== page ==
Upgrading in just a few key areas, and following in the iPhone's footsteps with the inclusion of a fingerprint scanner, the Samsung Galaxy S5 doesn't immediately impress. But that's not to say it isn't a good phone. Quite the opposite -- my brief play with the handset leads me to believe it may be their best yet, despite a few flaws.
What struck me immediately was just how gorgeous the Full HD Super AMOLED display remains. At 5.1 inches in size, it's actually less sharp than that of the S4. But to my eyes it looks brighter and more colourful -- even if the resolution isn't higher, the technology underpinning the display seems improved.
The handset itself looks more like a Note 3 than a Galaxy S4. Its textured back is coloured, with chrome edging. While it lacks the premium feel of the HTC One or aluminium iPhone editions, it's a more solid construction than I've come to expect from Galaxy handsets. It's also now waterproof to an IP67 rating, making it good for 1-metre dunking for 30 minutes. That's despite featuring a removable cover, letting you swap a battery if you so desire.
As with the rest of the phone, the TouchWiz UI is refined, not revolutionised. Icons are now circular in many places, such as the settings bar for instance (which itself now includes links to Samsung's S Finder -- Samsung's answer to Google search -- and Quick Connect for DLNA settings). It's overall a cleaner interface, aside from an overly-busy settings menu.
A quick look then at the hard specs -- there's 2.5GHz quad-core application processor zipping away under the hood, backed by 2GB of RAM, a 16MP camera on the rear, and Android 4.4.2 KitKat running underneath Samsung's own personalisations. A 2,800 mAh battery is claimed to give 21 hours of talk time, while 16GB and 32GB storage options will be available (expandable through microSD. LTE connectivity is also supported globally.
All quite familiar. Arguably the greatest addition then is the fingerprint scanner. While I was unable to test it myself, I had to watch a Samsung rep attempt several swipes across it before his finger would register. Built into the screen rather than a separate sensor -- as in the iPhone 5S --, it also means that your device has to be awake before it can be activated. While it may eventually prove useful thanks to its PayPal integration, it won't help you get inside your phone any quicker.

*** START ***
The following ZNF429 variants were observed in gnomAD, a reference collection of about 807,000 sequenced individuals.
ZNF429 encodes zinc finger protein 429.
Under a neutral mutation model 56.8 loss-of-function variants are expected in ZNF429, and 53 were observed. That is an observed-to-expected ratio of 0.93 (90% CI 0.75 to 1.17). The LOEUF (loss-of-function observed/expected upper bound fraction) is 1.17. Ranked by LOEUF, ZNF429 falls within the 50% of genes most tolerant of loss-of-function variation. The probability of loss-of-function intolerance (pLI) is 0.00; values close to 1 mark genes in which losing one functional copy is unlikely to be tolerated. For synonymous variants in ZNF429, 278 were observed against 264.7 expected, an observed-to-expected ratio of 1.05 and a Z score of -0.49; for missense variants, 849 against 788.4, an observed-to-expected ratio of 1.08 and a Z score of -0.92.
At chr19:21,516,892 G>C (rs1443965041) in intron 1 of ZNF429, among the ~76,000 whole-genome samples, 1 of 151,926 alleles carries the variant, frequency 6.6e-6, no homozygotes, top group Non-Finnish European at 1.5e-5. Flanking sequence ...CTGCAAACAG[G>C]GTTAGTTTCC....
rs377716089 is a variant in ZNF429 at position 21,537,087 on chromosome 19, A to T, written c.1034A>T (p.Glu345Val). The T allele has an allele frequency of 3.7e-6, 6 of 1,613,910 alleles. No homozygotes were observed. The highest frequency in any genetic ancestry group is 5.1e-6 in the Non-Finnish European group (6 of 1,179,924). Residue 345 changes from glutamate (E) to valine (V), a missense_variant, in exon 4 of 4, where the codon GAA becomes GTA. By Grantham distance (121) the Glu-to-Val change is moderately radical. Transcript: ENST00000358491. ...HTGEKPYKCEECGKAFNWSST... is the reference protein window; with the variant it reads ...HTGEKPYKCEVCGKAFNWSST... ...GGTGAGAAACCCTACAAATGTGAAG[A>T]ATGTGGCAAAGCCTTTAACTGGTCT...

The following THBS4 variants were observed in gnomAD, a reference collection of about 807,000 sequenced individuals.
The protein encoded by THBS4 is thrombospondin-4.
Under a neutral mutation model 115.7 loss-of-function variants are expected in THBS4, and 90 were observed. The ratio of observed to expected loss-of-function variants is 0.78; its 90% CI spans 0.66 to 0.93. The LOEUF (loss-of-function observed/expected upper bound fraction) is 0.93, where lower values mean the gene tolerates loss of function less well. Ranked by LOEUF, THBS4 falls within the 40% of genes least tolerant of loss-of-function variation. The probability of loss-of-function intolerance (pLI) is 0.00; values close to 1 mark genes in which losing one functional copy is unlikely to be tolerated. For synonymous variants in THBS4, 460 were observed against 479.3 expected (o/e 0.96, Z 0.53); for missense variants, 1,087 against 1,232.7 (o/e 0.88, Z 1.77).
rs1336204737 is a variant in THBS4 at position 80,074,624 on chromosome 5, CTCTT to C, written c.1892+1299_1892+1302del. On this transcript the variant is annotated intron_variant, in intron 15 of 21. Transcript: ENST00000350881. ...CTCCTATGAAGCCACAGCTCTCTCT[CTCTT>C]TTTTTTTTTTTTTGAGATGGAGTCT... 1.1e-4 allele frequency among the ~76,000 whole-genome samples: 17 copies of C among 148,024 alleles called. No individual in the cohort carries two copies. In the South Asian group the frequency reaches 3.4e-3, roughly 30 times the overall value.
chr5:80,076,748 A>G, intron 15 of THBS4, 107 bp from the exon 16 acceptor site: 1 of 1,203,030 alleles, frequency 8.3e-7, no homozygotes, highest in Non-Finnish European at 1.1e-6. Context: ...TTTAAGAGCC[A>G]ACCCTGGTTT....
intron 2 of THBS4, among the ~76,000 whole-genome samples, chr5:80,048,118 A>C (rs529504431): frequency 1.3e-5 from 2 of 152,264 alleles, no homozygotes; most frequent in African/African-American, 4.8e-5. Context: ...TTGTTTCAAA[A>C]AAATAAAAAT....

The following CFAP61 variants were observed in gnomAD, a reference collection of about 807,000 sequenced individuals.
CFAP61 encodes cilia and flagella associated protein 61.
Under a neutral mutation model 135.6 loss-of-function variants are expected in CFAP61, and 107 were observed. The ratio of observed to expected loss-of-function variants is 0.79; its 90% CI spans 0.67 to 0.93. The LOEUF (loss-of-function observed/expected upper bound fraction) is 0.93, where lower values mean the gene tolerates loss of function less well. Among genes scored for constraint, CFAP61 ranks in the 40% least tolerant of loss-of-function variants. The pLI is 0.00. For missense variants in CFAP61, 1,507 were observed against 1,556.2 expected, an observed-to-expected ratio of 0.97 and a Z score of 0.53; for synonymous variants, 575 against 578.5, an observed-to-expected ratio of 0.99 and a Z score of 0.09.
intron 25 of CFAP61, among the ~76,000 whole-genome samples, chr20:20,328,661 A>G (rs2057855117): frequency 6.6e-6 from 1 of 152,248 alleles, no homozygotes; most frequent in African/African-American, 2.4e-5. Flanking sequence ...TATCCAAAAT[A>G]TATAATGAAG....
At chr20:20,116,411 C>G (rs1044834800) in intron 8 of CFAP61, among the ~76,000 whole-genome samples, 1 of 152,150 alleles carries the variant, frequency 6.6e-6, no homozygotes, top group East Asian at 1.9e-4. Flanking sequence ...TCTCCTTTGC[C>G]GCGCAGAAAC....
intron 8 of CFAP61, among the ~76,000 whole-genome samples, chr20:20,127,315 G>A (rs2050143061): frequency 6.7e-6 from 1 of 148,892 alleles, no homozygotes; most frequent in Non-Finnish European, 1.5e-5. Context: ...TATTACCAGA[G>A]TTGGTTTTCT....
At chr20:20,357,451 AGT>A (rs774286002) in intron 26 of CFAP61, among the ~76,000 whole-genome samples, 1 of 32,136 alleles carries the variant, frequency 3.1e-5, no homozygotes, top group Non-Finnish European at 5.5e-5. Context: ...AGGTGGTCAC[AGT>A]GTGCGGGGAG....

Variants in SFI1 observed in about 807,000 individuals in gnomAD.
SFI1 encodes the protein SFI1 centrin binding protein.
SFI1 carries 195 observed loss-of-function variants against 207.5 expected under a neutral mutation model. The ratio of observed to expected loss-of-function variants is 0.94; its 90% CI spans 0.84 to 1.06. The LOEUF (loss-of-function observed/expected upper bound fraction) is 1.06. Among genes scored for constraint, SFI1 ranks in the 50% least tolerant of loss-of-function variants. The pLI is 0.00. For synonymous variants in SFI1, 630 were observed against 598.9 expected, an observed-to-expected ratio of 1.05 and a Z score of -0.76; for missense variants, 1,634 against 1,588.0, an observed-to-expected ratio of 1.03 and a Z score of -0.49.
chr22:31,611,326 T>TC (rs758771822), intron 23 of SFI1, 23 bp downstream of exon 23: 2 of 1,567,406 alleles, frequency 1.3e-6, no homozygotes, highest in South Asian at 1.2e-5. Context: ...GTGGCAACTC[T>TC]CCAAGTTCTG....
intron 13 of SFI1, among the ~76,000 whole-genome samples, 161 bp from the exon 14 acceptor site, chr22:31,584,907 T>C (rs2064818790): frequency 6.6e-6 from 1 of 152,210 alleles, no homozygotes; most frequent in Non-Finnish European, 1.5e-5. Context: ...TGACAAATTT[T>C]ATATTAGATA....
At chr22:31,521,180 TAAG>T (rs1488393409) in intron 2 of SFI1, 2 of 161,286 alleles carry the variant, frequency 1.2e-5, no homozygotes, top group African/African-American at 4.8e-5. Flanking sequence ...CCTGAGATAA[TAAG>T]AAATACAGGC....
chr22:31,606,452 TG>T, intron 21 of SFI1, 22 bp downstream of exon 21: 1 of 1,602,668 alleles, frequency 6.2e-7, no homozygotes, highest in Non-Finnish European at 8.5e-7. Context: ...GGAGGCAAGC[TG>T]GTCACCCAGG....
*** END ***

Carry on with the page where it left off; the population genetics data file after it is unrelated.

More impressive then is the camera. Incredibly fast, it snapped photos at a rate of one every 0.3 seconds in its burst mode, and did so with definition from my brief test. Selective focus (blurring the background and leaving the subject in focus) proved a bit hit or miss though, only managing to pick up my preferred focus point with every other shot.
With the S5 launching alongside the Galaxy Gear Fit fitness band, there's a greater emphasis on sports and health monitoring on the Galaxy S5 than on previous models in the line. Placed just under the camera sensor is a heart rate monitor, and placing my finger across it saw it accurately pick up my pulse. It ties into the Health 3.0 app, which lets you keep a track of your fitness regime and (hopefully!) improving performances. How useful it will be remains to be seen however -- for an accurate, constant reading, surely you'd need to be holding the sensor whilst exercising? That doesn't sound practical.
It's a mixed bag then, but there's nothing disappointing here. High-end smartphone fatigue can make us jaded. I'd rather see refinements than needless feature bloating, and for the most part Samsung has achieved that here. The screen is better; the phone is speedy; the UI is clear and well defined. It may not be a game changer but hey; everyone loves a fingerprint scanner, right?